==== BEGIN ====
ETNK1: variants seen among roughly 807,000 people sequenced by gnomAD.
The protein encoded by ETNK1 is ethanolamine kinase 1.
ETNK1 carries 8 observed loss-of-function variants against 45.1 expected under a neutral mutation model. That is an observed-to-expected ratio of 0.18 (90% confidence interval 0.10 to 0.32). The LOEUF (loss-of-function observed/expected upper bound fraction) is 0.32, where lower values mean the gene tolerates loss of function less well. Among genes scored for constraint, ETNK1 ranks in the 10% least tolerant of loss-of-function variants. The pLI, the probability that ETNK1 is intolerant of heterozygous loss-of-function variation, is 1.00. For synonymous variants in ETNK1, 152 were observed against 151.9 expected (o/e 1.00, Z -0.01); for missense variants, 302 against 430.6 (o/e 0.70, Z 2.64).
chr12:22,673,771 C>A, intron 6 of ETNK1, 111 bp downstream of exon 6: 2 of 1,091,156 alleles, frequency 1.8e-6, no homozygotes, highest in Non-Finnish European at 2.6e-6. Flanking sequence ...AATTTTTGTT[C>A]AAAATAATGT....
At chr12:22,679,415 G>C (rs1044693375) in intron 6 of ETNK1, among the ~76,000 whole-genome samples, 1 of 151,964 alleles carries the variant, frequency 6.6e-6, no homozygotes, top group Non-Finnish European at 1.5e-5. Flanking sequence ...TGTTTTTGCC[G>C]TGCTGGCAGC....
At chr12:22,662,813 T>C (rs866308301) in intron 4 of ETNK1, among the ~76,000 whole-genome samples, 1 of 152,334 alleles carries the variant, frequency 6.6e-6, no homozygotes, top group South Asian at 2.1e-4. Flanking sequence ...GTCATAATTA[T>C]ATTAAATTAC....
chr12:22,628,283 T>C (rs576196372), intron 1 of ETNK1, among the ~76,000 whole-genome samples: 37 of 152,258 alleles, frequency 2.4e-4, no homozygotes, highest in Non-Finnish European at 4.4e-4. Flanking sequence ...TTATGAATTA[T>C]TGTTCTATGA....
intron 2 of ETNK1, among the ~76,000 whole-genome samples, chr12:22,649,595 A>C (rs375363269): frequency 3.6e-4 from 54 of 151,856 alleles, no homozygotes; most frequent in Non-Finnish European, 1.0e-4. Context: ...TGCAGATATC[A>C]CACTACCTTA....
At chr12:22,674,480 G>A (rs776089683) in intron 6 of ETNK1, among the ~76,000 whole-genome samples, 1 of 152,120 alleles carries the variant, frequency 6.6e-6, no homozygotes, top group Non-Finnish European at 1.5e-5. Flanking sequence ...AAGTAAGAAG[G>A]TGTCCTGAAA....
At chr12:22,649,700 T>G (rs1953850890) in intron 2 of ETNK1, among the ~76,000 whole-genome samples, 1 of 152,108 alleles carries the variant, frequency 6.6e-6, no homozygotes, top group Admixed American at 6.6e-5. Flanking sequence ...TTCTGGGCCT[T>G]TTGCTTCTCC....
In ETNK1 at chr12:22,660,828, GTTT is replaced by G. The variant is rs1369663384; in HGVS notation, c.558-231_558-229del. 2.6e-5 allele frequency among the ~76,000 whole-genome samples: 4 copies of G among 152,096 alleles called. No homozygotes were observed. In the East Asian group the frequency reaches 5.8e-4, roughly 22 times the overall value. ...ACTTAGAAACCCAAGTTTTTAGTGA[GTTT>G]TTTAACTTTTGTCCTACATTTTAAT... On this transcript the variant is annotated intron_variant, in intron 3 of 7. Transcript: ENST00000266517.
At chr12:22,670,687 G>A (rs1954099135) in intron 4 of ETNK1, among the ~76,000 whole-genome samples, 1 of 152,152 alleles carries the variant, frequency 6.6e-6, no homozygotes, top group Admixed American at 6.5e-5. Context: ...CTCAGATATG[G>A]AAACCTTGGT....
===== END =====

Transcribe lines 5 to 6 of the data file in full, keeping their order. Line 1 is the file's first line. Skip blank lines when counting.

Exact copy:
At chr12:22,679,415 G>C (rs1044693375) in intron 6 of ETNK1, among the ~76,000 whole-genome samples, 1 of 151,964 alleles carries the variant, frequency 6.6e-6, no homozygotes, top group Non-Finnish European at 1.5e-5. Flanking sequence ...TGTTTTTGCC[G>C]TGCTGGCAGC....
At chr12:22,662,813 T>C (rs866308301) in intron 4 of ETNK1, among the ~76,000 whole-genome samples, 1 of 152,334 alleles carries the variant, frequency 6.6e-6, no homozygotes, top group South Asian at 2.1e-4. Flanking sequence ...GTCATAATTA[T>C]ATTAAATTAC....